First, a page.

OMA: EB-Pfizer Deal Benefits Many

EB-Pfizer Deal Benefits Many
The Day
June 23, 2010
 

Ideally, Pfizer Inc. would not have abandoned its office complex in New London when the tax breaks ended. After 10 years of paying a property tax based on just 20 percent of its assessment, Pfizer faced a full assessment in 2011 - generating about $5.6 million in tax revenues, up from the $3 million in tax revenues and state subsidies its property now brings to New London.
 
But Pfizer is leaving, consolidating offices at its Groton campus. Given that, it was great to learn that Electric Boat will buy the property, as had been rumored for months. Having the large waterfront complex, with space for 2,200 workers, up and operating is far preferable than it sitting vacant.
 
In this economy, filling vacant office space is a challenge. Pfizer, EB, local and state officials deserve credit for working out a deal so quickly. Pfizer recognized a changed market in lowering its asking price. State and local officials reached into their incentive toolbox to sweeten the deal. EB, meanwhile, again showed its commitment to southeastern Connecticut.
 
For the next five years, EB will enjoy the same 80 percent abatement on real and personal property taxes that enticed Pfizer to build in the first place. In the best-case scenario, the revenues generated for the city by the research-and-development buildings will stay the same. Connecticut is also providing a $15 million grant to EB, and other incentives are possible.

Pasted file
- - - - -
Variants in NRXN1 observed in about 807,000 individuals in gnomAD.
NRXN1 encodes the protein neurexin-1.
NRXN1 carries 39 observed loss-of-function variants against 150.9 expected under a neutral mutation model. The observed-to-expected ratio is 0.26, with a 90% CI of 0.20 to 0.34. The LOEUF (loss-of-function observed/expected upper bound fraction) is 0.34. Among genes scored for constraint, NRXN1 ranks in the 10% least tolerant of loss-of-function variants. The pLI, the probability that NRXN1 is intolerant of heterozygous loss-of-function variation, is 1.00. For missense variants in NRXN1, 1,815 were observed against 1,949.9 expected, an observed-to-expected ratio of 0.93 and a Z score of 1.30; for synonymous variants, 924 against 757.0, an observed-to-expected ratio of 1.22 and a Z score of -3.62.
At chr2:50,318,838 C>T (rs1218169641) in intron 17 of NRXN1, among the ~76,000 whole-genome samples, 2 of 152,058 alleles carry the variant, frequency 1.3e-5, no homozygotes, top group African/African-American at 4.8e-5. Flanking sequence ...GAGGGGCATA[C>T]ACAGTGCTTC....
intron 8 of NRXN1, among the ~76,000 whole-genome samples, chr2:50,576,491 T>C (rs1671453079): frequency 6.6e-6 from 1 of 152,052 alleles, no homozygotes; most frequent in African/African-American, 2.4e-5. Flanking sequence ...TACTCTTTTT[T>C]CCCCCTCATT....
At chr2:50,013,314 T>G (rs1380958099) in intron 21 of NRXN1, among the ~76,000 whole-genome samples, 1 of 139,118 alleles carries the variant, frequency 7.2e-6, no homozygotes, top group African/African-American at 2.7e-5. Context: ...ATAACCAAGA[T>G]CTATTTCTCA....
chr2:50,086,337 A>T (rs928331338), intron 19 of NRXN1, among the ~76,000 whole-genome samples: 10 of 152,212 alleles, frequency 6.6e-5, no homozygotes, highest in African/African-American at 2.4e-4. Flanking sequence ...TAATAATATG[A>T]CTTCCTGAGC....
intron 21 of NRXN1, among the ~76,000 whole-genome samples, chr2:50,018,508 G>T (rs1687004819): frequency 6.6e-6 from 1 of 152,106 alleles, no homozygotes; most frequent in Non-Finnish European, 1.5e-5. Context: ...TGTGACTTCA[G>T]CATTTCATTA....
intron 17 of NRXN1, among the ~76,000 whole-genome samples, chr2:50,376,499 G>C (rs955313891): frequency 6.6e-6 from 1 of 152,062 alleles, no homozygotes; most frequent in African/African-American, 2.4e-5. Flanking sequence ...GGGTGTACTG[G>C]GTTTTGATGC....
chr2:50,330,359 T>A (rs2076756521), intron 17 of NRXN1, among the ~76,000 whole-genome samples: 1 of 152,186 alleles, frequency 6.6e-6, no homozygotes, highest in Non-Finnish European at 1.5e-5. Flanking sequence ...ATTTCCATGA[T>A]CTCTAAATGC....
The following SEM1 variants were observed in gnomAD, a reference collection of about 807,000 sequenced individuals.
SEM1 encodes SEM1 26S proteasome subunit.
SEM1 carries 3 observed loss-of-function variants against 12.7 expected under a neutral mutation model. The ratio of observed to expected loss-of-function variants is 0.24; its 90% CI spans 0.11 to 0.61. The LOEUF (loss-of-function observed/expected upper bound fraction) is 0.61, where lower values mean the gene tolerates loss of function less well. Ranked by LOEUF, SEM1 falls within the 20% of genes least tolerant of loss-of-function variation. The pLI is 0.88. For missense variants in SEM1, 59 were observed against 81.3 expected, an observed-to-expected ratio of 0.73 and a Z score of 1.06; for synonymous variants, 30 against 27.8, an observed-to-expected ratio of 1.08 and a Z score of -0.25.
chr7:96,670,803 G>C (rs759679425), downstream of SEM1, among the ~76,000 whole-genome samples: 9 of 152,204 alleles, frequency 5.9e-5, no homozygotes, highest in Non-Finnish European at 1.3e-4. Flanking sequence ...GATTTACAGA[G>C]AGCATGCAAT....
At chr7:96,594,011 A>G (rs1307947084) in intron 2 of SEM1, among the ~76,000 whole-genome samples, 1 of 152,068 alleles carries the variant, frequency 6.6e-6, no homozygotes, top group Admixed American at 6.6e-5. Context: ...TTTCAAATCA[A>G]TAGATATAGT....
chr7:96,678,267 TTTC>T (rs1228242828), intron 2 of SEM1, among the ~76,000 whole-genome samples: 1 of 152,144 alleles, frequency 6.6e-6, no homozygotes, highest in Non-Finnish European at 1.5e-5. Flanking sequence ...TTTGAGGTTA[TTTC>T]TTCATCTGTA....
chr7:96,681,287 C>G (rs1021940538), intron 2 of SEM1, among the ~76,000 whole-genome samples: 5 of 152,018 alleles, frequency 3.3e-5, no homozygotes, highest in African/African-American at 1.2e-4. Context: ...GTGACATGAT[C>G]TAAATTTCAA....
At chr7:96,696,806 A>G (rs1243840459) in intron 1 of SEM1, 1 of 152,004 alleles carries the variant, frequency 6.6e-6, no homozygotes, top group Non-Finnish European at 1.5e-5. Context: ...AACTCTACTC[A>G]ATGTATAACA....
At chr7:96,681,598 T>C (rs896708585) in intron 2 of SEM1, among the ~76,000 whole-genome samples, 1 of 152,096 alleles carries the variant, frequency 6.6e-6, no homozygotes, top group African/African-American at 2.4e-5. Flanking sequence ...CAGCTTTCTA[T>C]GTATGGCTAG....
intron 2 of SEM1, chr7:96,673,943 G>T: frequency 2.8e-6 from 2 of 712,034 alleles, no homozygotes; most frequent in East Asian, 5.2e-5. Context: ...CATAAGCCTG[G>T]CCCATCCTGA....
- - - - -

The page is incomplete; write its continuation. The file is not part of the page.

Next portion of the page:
The result is a benefit to all parties. The state gets a major corporation to expand in Connecticut, New London keeps and likely expands jobs in the city and EB gets a deal that works for its shareholders.
 
True, tax revenues could potentially decline if EB was successful in fighting for a lower assessed value on the property. The submarine builder will reportedly pay as little as $52 million to buy it. Pfizer's total holdings in the city are now valued at $309 million by the assessor's office. But New London Tax Assessor Barbara Perry can make a good case that the city assessed the 24-acre waterfront property correctly, despite the bargain selling price.
 
Even with the 80 percent abatement, Pfizer was New London's top taxpayer, sending $1.3 million into city coffers. Connecticut provided New London about $1.7 million annually to cover a portion of the "enterprise zone" tax break. When the deal is settled, EB will become the biggest taxpayer. Along with the jobs created and the spin-off economic benefit, that is an outcome to celebrate.




Content Last Modified on 6/23/2010 3:42:29 PM